You can also find different recovered pots here and there. Just make sure that they’re not made of toxic material and won’t degrade when coming in contact with water. Think about piercing a few holes in the bottom of these recycled pots so that water drains properly.
Regardless of the kind of pot you choose, keep this piece of advice in mind: always choose the biggest pot possible. We have a tendency to put plants in pots that are too small for their needs without thinking about how they’ll grow bigger during the summer season. The smaller the pot, the more quickly it will dry out and the less the plant will grow and produce.
The following table shows the minimum size to give to plants. Some varieties can adapt to growing in pots. Don’t hesitate to ask your nursery professional.
|Small pots (6 litres and bigger)||Herbes, nasturtium, lettuce|
|Medium pots (40 litres and bigger)||Hot peppers, bell peppers, Swiss chard, bok choy, kale, spinach, goose berries, beans, peas|
|Big pots (60 litres and bigger)||Tomatoes, eggplant, cucumber, zucchini, melons|
Plants that require only a 6-litre pot can be grown on your windowsill, but results are better in the summer. In the winter, there aren’t enough hours of sunlight to adequately grow plants.
Today, there are soil types that are specially designed for growing in pots. They must contain a mix of black earth, compost and an element like coconut fibre to help retain and drain water.
Compost or fertilizer (preferably organic) must be added all season long as potted plants have higher nutritional needs. Plant compost, composted manure and algae emulsions are interesting products.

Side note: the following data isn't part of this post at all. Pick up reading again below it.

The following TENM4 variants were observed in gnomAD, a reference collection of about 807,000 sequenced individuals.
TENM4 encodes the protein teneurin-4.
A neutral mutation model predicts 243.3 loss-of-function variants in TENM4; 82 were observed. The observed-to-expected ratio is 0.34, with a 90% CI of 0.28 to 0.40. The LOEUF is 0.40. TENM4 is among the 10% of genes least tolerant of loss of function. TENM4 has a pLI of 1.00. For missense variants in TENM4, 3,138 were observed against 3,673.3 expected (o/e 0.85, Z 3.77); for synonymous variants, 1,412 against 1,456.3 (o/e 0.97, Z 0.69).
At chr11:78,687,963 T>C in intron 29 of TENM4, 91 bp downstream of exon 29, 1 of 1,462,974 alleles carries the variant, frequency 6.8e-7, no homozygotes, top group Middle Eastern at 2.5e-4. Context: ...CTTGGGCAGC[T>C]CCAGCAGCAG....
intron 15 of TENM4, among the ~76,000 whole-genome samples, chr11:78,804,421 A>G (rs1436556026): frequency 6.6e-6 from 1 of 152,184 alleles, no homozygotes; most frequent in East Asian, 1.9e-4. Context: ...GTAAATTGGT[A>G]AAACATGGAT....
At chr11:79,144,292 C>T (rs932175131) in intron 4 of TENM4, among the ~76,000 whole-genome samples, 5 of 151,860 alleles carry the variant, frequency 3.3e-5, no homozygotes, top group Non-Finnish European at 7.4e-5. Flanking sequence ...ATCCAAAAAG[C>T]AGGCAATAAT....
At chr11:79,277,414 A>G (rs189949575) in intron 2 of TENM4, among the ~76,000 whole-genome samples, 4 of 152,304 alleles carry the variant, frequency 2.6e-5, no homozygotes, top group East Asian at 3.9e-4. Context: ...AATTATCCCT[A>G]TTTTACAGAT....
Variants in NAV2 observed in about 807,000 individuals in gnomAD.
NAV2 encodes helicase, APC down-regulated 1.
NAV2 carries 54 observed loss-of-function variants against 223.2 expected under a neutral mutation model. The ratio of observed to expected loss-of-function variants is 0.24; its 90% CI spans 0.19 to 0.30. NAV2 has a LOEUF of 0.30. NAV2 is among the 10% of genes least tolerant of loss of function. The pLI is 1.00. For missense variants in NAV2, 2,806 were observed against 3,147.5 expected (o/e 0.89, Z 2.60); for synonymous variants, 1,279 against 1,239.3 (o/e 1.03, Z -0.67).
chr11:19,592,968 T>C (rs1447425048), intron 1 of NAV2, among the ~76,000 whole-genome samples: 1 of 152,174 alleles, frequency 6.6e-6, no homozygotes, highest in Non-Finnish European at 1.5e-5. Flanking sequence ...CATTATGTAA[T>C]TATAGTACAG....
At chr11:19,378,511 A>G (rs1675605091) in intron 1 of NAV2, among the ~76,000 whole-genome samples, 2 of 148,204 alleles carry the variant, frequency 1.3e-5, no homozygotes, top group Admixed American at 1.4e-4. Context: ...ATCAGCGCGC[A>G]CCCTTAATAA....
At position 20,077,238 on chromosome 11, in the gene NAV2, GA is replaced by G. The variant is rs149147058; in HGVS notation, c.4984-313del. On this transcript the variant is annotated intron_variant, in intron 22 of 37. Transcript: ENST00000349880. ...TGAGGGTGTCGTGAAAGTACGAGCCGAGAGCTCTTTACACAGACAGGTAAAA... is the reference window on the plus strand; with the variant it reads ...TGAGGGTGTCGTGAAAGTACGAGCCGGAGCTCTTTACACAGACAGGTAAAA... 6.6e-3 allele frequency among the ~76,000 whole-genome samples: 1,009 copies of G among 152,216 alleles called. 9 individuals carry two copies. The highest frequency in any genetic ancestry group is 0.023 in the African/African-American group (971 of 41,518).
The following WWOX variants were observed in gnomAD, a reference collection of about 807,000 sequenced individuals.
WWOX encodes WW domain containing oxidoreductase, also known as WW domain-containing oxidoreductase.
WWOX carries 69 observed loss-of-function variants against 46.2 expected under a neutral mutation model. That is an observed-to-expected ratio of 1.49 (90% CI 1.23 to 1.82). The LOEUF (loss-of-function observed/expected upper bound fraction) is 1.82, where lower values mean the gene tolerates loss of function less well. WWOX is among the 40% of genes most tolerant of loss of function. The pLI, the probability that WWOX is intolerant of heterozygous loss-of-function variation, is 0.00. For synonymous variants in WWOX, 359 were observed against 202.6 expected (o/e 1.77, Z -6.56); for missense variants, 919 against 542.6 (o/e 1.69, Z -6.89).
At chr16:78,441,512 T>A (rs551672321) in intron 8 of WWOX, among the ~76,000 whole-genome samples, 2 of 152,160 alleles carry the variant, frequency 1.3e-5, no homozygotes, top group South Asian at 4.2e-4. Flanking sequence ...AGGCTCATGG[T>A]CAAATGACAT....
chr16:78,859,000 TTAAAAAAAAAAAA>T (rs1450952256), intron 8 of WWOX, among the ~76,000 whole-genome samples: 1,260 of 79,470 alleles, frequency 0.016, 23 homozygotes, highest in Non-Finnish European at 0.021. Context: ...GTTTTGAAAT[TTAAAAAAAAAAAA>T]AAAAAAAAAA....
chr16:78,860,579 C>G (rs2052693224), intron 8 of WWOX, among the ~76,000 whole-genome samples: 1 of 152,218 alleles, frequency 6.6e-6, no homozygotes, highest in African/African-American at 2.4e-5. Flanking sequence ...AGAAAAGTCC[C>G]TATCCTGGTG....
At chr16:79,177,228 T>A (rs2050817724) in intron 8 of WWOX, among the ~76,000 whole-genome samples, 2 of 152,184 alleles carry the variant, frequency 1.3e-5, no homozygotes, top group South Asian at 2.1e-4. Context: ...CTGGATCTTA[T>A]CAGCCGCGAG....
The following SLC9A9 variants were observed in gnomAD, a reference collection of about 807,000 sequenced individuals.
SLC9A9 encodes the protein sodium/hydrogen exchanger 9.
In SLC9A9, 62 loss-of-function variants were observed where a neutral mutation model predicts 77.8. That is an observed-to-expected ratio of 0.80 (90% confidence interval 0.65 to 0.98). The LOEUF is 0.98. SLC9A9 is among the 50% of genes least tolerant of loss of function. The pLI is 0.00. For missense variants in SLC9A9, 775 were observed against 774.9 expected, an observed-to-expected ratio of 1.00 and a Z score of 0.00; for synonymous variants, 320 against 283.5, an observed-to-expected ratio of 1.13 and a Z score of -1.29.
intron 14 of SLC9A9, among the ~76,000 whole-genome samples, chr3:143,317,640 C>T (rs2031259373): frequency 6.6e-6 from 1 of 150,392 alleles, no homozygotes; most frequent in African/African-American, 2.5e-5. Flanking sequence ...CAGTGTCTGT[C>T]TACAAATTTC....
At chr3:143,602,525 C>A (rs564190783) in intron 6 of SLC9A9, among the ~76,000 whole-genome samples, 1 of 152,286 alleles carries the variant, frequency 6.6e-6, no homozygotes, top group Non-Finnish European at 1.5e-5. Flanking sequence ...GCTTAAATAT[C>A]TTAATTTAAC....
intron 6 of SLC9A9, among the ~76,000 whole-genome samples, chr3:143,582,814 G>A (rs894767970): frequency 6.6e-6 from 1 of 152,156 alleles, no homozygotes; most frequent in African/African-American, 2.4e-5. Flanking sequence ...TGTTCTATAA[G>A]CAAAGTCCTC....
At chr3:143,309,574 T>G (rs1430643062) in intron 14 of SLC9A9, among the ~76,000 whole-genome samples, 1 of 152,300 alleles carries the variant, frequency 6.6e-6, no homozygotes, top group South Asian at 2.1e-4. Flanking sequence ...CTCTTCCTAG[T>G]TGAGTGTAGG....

Taking care of plants
Most potted plants need six to eight hours of sunlight every day. Lettuce, spinach, peas, radishes, chive, parsley, mint and cabbage are a few other examples of plants can get away with a little less.
By scratching the soil’s surface with your finger, it’s easy to tell if a plant needs watering. If the first few centimetres of soil are dry, your plants are thirsty. People often think that there is an ideal time to water plants. That being said, it’s better to water your plants if the soil is dry – regardless of the time of day!
5 challenges for urban gardening
- The temperature can rise quickly on a balcony, so you must make sure that the soil doesn’t dry out too much. Check the soil’s moisture level often.
- Sometimes water can flow from the pot after watering and hit your neighbours below because of the drainage holes, so think about putting a saucer under your pots if you don’t live on the ground floor.
- Cats, raccoons, squirrels, pigeons… Urban fauna can be voracious. Citrus peels, pepper seeds, chicken manure or cages around plants are ways to keep undesirables away.
- Pollinators can be rare if you live higher than the third floor. This can reduce your plants’ productivity, so think about planting flowers that will attract them.
- After so much effort, you have to eat what you’ve grown! Beginner gardeners can sometimes forget to pick the fruits of their labour, but that’s a big mistake! Take advantage and congratulate yourself for growing so many delicious plants!